Now that you’ve clarified your values, you may wonder “Where do I find this amazing place?” There are so many options. Many of your friends will say you are crazy. Being able to talk with someone who understands the longing to live cooperatively and sustainably is invaluable. This coach, friend, or communitarian will have experienced the stresses – both joy and disappointment – of the journey from where you are to where you want to go. It can be very helpful to have someone outside your circle of family and friends to talk to about community.

Step 2 – Find Communities

Now that you know you’re interested in community and have identified some of your values, it’s time to look at what real live communities are out there. A great way to begin is with the movie Within Reach: Journey to Find Sustainable Community. The filmmakers take us with them on their bicycle tour through one hundred different communities. Watching it is a great way to get a visual snapshot of many different ways of living communally.

The Internet is a great way to make first contact with many communities. I just did a Google search for the phrase “intentional community” and was impressed with the results. The Fellowship for Intentional Communities website is a great starting point to find a community near you. Dancing Rabbit Ecovillage and Twin Oaks both have good websites on their communities, what to expect, and how to visit. A good book to read is Finding Community by Diana Leaf Christian. (See “Learn More” at the end of this article for info.)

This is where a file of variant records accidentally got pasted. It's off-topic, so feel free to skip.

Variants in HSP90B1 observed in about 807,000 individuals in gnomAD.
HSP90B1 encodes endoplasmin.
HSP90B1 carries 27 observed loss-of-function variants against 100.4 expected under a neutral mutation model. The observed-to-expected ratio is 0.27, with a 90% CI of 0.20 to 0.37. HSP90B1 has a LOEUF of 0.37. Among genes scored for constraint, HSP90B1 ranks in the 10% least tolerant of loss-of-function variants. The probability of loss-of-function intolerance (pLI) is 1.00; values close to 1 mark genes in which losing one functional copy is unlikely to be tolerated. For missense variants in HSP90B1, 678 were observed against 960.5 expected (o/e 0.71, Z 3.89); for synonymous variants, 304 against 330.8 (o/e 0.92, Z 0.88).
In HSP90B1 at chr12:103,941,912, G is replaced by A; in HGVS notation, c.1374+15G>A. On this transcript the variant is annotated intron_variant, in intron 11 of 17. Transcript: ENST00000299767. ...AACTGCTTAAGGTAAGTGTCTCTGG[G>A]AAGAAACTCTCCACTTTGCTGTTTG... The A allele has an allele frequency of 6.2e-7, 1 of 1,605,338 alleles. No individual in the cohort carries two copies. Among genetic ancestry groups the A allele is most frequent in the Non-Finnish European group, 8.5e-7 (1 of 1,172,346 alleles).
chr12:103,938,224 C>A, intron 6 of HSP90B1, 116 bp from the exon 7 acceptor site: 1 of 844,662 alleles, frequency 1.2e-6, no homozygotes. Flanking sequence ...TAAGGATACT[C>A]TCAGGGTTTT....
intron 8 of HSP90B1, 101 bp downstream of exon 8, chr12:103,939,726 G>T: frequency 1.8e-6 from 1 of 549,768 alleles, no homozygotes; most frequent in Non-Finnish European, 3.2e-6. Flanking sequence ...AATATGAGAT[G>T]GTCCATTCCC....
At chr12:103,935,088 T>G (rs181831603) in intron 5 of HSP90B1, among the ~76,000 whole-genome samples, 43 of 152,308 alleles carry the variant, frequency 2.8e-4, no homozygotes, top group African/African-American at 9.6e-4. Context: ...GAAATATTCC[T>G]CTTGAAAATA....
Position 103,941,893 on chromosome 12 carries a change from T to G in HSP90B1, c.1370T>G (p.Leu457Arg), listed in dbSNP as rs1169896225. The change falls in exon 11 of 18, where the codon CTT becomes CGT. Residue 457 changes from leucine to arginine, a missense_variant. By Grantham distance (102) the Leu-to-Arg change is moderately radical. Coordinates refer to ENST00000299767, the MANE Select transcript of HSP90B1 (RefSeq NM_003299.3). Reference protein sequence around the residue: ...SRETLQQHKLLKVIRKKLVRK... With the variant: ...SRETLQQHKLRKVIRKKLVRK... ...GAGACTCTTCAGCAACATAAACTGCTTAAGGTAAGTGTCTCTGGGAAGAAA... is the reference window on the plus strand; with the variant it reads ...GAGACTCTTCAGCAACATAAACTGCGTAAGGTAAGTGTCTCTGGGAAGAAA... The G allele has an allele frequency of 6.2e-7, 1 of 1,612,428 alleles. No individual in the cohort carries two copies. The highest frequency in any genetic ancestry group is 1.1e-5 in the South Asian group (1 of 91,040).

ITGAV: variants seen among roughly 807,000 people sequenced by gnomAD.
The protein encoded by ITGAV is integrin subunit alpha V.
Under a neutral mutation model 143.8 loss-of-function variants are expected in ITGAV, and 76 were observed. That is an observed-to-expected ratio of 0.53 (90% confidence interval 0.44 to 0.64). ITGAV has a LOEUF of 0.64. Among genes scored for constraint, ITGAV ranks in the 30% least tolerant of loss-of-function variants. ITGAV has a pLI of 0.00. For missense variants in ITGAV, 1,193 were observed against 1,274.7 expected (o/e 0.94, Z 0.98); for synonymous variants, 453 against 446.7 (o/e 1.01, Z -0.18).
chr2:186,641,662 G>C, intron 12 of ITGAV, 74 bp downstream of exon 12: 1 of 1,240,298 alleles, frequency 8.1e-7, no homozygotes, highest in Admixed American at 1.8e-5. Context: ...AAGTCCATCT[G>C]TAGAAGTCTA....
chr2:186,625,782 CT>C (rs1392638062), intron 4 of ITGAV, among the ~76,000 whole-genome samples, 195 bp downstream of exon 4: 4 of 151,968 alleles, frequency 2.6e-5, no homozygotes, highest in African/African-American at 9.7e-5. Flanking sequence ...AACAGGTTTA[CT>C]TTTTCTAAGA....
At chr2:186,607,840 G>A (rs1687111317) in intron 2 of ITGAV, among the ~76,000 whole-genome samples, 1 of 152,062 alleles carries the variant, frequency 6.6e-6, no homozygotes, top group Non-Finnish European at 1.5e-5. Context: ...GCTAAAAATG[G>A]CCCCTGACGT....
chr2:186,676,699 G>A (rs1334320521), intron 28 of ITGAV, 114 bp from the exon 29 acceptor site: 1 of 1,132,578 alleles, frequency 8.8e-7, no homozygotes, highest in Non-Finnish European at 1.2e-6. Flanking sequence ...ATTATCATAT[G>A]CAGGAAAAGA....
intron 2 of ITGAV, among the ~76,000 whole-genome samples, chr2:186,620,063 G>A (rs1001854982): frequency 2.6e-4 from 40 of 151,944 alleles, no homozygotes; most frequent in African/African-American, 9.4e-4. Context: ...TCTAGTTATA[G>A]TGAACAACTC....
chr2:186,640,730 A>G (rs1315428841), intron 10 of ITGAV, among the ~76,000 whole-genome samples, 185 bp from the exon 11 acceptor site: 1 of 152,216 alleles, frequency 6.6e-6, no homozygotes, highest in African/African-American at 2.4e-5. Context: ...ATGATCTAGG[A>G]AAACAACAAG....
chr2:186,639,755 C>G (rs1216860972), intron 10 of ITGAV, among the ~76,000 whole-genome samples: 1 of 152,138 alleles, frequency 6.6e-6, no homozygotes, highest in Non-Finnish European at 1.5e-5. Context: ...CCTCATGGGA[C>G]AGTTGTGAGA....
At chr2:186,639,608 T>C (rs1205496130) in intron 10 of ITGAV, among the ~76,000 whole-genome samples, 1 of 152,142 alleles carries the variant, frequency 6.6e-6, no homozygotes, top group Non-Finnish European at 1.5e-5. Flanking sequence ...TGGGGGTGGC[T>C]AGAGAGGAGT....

Pick a few communities that look good to you on paper. Then reach out with an email or a phone call. It will often take longer to get a response than you expect. Remember that a great deal of community work is done by volunteers who are also building their own homes and businesses while living full social lives. Be patient and persistent.

Communities also have varying degrees of excitement for visitors and that excitement is often seasonal. During colder months, most communities work on building closer relationships with existing members rather than courting new people. Winter is a great time to research and outreach. Your visit is more likely to happen in the spring or summer.

Step 3 – Visit

No matter how wonderful a community sounds on its website and through correspondence, nothing compares to an in-person visit. You must visit a community, I suggest for two weeks or more, before you decide if this is the right one for you.

Please remember that this place you are visiting is home to the people who live there. While this is an exciting new adventure for you and a window into a new way of living, you are also coming into people’s homes. Respect, courtesy, asking permission, and other social graces will help the visit go well for all parties involved.